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Bancroft council will sit with ratepayers committee: councillor

March 28, 2018

At the table, from left, provincial Liberal candidate Tim Rigby, Conservative candidate Daryl Kramp and NDP candidate Nate Smelle listen to Wilma Brethour (left) as she explains what she feels are the community’s problems with Bancroft council and the province. / SARAH SOBANSKI Staff

By Sarah Sobanski

Bancroft residents from all walks of life set aside their differences March 25 to support one woman who says she can’t be their voice anymore — not alone. The result is a new committee, supported by councillors, provincial candidates and ratepayers alike.

It was standing room only in Club 580 Sunday. People paid no attention to the first sunny weekend afternoon of spring, choosing instead to squish together in a room fraught with tension.

Convener Wilma Brethour brought her hands together tightly. As the clock closed in on 1:30 p.m. she thanked everyone for coming including provincial Liberal candidate Tim Rigby, Conservative candidate Daryl Kramp and NDP candidate Nate Smelle who sat at a table to her left.

Brethour was armed with issues that have impacted every rural citizen both in Bancroft and across the province. She said the province needed to start listening to rural municipalities.

She asked why policing costs were so high, why hydro costs were monitored down to the impact of a microwave versus an oven, why there was no help to repair roads and why downloads continued to be handed down by the province such as recently proposed firefighting legislation mandating standardized training from volunteers to urban firefighters. Members of the crowd agreed it could cost the area its fire services.

“There is a total disconnect between [Queen’s Park] and what we live with every day out here,” she said. She also brought up water and wastewater rates and town taxes.

“We’re putting our local people — our kids, our seniors — at risk of becoming homeless.”

“It’s going to become a ghost town,” a community member shouted out.

When Brethour spoke of Bancroft she said the way council conducted its meetings left those wanting to ask questions or make suggestions feeling small. She suggested the application process and confines of making a delegation were too rigorous and restrictive, that contacting staff with questions was rarely met with honest answers and that there weren’t enough people showing up to meetings.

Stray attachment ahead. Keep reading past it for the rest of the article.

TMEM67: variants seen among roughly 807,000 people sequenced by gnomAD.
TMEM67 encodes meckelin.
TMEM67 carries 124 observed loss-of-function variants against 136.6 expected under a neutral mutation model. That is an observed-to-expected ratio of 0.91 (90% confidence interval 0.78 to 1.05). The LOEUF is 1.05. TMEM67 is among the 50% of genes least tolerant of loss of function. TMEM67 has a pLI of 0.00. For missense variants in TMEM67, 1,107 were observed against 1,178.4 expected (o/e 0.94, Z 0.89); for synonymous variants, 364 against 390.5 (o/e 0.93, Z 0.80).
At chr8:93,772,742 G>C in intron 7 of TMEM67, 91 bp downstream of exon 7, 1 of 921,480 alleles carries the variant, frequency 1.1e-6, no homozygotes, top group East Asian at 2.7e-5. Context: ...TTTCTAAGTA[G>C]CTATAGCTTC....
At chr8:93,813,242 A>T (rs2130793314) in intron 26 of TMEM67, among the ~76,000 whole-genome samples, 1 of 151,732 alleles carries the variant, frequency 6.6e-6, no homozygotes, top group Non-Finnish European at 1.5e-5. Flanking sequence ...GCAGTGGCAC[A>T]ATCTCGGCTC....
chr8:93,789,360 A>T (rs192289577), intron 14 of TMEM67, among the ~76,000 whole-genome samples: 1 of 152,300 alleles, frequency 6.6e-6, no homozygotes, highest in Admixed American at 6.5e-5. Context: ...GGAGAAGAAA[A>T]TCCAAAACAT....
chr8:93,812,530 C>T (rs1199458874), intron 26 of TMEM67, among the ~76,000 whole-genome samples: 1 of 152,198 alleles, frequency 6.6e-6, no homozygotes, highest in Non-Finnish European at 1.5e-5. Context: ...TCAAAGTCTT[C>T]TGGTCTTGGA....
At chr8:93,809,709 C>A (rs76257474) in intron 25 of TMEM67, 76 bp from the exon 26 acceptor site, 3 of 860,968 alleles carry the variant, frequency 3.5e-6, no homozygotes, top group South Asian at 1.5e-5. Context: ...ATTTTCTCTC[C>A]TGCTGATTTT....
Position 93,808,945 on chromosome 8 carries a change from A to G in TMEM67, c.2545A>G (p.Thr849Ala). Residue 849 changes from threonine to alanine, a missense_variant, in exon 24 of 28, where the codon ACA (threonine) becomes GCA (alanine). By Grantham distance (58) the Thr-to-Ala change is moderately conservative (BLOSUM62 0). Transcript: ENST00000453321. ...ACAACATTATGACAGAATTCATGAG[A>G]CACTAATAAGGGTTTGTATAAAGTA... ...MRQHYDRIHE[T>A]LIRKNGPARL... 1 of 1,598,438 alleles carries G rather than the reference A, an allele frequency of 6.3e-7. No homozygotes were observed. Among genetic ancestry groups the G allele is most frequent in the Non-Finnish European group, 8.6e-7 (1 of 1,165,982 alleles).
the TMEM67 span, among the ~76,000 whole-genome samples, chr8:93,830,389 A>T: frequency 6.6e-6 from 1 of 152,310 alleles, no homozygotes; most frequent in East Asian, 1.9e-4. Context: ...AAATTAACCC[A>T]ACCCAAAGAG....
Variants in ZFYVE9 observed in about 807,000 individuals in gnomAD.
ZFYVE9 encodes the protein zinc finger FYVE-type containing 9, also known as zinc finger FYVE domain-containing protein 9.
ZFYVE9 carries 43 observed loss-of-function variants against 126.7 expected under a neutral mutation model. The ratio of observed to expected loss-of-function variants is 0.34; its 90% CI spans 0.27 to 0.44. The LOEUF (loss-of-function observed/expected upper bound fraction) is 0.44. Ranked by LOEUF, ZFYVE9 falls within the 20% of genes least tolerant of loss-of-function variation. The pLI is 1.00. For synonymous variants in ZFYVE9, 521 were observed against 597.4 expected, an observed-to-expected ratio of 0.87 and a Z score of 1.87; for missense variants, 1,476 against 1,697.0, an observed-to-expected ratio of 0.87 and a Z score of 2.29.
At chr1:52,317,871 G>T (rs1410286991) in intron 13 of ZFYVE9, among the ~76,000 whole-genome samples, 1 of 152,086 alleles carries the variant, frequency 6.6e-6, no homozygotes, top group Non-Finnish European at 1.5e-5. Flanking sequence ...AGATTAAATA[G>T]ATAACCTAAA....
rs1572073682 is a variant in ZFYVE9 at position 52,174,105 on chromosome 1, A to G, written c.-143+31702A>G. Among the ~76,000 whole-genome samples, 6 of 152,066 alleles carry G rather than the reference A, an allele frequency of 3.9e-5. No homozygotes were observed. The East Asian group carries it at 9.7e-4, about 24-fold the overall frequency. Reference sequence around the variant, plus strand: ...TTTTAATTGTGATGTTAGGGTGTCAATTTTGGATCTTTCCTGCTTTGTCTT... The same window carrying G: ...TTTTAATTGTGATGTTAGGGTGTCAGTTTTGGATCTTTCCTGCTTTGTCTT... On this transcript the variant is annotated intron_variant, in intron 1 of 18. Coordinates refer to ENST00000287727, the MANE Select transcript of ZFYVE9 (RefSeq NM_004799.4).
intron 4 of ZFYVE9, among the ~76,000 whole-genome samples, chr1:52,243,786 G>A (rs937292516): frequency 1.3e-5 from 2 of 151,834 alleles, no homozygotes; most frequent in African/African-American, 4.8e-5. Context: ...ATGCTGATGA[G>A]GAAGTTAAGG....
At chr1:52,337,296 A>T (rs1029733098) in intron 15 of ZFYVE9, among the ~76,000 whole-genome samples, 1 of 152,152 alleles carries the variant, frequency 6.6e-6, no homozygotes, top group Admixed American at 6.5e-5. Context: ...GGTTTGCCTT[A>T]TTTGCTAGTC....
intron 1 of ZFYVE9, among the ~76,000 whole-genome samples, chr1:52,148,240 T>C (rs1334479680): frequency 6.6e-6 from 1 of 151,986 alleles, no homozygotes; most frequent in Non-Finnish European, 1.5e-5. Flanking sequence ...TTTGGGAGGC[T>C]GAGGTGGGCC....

One woman said, “They shut everyone down.”

A man from the back said he took a day off to make a delegation but because he had missed the deadline, council wouldn’t see him.

Another woman suggested council didn’t want to be honest.

Former mayor Lloyd Churchill said when he was on council there was a question period allowed at the end of every meeting.

Bancroft Councillor Barry McGibbon asks Brethour if he can stand and say a few things. He later says he’ll put a motion forward to council to meet with a ratepayers committee, should the meeting choose to establish one. / SARAH SOBANSKI Staff

Town Councillor Barry McGibbon stood up to these allegations. He was in attendance with fellow Councillors Tracy McGibbon and Mary Kavanagh. He said council allowed questions at its meeting. He noted one of reporters in the audience made them frequently.

“Yeah, but that’s the media,” a member of the public responded.

McGibbon said council did care and wanted to change much of what was affecting residents, but much of the time there wasn’t much they could do because of provincial legislation.

He made a choking gesture with each of his hands attributing it to what it was like to get government funding with all three levels involved. He said council had asked Queen’s Park for help, but to no avail.

“Council, as far as I’m concerned, they’re good people,” Brethour intervened when members of the public began speaking over one another. “They ran because they wanted to help but the province has closed in too tight on them.”

McGibbon asked people to come and talk to him one on one. He said he would listen and suggested other councillors would as well.

Members of the public refuted his claim. Some said they had tried to contact council but no one would respond. One woman said, “Council hasn’t been open to the ideas of the community.”

McGibbon then offered to put a motion forward to council at its next meeting. He said he’d ask council to meet in an “informal way” with a ratepayers committee, to have real conversations about changes that need to happen in the community.

Almost immediately people began asking if Brethour will lead this committee. She seemed hesitant, wary.

Throughout the meeting Brethour had said she’d been working to discuss the town’s issues with council for over a year, and had been discouraged. She suggested the people working with her had the same feelings and didn’t know how much in them they had left.

“My sister can’t keep doing this alone,” Brethour’s sister said from the front row.

“Let’s stampede the provincial government, let’s stampede the municipal government,” a woman spoke up.

Brethour agreed to chair the committee. To the town she said, “You have a community that will stand up and fight with you but you have to be honest with us.”

After the meeting, people were invited to go on camera holding signs with messages they wished to send to the province. Some of the messages read, “We need fairness for all brought back to Ontario,” and, “Canadians should not have to decide between water and food.”

As of March 26, 24 members of the community had signed up for the ratepayers committee. All three provincial candidates said they would attend committee meetings.

         

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